St. John the apostle was the son of Zebedee, the brother of St. James the Great, and the “beloved disciple” of Jesus. He was the only one of the twelve apostles who did not forsake the Lord in the hour of his passion and death, and stood faithfully at the cross while Christ made him the guardian of his mother Mary. 

After the death and resurrection of Christ, John spent time in Jerusalem and Ephesus. He founded many churches in Asia Minor, and wrote many important works, including the fourth Gospel and three Epistles. The Book of Revelation is also traditionally attributed to him.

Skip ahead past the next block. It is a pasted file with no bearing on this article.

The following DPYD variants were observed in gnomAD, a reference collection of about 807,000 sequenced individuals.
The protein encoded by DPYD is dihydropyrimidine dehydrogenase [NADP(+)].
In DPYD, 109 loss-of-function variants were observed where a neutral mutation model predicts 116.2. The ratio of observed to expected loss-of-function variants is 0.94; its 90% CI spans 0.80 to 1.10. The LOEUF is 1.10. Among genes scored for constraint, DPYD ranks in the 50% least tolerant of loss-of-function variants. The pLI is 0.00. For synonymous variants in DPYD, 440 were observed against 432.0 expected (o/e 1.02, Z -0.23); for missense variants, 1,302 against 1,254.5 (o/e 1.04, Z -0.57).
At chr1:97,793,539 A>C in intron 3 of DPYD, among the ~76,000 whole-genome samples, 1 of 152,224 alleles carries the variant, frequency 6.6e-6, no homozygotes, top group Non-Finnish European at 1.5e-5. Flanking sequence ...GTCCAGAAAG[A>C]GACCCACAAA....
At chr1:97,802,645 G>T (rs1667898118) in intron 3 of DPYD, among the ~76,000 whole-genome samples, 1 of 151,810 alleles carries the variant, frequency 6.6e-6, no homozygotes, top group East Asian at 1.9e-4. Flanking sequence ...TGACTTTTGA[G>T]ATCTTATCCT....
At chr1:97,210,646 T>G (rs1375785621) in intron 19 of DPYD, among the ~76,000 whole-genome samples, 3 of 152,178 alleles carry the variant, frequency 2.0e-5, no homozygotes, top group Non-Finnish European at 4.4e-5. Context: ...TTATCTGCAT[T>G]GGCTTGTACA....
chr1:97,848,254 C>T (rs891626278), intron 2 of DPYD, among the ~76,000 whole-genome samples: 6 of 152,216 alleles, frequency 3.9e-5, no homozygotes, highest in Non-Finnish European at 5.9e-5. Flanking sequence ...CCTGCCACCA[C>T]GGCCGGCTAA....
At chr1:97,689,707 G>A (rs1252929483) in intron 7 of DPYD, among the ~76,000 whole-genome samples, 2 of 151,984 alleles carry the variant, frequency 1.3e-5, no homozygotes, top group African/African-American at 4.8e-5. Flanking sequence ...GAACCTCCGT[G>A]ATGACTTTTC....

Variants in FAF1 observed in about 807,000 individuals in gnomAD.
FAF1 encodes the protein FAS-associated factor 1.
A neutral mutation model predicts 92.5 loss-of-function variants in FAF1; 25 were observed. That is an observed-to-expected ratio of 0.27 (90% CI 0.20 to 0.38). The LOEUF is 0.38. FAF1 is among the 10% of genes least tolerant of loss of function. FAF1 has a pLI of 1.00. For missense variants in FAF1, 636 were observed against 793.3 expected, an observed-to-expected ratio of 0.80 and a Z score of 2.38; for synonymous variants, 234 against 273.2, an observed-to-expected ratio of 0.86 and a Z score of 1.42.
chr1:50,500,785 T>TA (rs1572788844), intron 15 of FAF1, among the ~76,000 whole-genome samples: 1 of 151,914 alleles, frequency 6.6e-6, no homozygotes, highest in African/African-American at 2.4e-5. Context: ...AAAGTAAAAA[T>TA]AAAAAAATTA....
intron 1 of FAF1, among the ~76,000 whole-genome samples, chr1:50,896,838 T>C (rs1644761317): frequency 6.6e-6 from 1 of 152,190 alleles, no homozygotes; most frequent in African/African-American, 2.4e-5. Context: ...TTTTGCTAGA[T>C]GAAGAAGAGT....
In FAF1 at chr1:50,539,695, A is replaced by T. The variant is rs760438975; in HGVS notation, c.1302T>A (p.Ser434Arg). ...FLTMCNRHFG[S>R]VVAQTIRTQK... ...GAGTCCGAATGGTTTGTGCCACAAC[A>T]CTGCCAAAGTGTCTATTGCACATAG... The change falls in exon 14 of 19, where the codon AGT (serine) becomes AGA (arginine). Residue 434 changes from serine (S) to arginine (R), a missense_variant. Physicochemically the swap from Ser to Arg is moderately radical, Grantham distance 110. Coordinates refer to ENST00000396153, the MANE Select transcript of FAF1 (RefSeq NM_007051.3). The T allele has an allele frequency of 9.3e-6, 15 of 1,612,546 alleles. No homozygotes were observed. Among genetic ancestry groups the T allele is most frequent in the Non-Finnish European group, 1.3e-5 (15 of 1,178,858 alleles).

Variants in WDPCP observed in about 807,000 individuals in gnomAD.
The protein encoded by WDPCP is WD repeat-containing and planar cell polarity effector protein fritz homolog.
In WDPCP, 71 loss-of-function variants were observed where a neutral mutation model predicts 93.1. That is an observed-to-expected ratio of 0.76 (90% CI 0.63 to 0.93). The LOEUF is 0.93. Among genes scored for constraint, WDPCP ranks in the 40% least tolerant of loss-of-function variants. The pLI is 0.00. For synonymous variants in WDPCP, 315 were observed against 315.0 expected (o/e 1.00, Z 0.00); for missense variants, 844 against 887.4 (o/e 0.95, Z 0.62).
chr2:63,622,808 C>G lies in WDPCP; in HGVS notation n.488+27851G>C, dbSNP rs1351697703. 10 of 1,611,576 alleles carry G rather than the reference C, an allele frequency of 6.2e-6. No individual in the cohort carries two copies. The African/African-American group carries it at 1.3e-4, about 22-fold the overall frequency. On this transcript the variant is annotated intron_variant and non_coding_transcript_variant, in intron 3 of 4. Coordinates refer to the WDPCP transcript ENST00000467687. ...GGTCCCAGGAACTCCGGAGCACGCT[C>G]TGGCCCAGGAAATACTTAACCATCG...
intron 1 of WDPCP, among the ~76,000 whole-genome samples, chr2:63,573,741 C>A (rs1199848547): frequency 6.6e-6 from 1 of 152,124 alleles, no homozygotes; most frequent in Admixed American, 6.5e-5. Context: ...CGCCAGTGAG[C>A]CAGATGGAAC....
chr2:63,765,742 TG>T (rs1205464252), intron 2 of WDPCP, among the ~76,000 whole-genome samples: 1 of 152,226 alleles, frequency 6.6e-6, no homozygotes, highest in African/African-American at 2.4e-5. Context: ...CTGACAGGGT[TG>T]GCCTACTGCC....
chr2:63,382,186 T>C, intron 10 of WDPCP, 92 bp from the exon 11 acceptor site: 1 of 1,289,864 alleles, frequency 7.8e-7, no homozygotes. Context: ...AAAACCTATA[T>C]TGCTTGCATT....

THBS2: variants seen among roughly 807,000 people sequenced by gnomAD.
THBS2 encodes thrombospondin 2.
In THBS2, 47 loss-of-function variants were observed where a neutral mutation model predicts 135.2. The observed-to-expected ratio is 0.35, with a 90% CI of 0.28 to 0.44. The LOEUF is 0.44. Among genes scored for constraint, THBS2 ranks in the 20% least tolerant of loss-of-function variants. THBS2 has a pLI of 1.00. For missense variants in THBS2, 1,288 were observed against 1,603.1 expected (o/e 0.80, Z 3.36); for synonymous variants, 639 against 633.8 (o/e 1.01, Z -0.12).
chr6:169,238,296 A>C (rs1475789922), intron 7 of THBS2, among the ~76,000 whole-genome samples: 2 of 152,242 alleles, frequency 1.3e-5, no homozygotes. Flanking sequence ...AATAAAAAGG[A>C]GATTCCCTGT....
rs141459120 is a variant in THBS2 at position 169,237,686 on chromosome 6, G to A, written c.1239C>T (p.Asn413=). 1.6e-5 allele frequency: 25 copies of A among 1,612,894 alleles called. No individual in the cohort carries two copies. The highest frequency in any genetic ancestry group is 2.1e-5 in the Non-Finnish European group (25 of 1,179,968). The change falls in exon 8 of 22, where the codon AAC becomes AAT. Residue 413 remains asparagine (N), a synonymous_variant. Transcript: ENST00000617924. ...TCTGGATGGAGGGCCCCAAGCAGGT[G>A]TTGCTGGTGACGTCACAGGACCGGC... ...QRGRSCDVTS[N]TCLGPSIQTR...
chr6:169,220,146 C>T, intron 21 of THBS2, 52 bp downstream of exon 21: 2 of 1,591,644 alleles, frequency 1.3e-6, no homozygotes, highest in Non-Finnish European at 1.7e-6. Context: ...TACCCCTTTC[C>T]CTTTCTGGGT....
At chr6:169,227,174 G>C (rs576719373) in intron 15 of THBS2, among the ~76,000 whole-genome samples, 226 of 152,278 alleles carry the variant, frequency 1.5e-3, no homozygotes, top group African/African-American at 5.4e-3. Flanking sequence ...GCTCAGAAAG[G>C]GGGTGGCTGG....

According to tradition, John was brought to Rome, and the emperor Dometian ordered him to be cast into a cauldron of boiling oil. John came out of the cauldron unharmed, and was banished to the island of Patmos for a year. 

John lived to extreme old age, surviving all the other apostles. He died in Ephesus around the year 100. 

John is called the Apostle of Charity, a virtue he lived by constantly in word and example.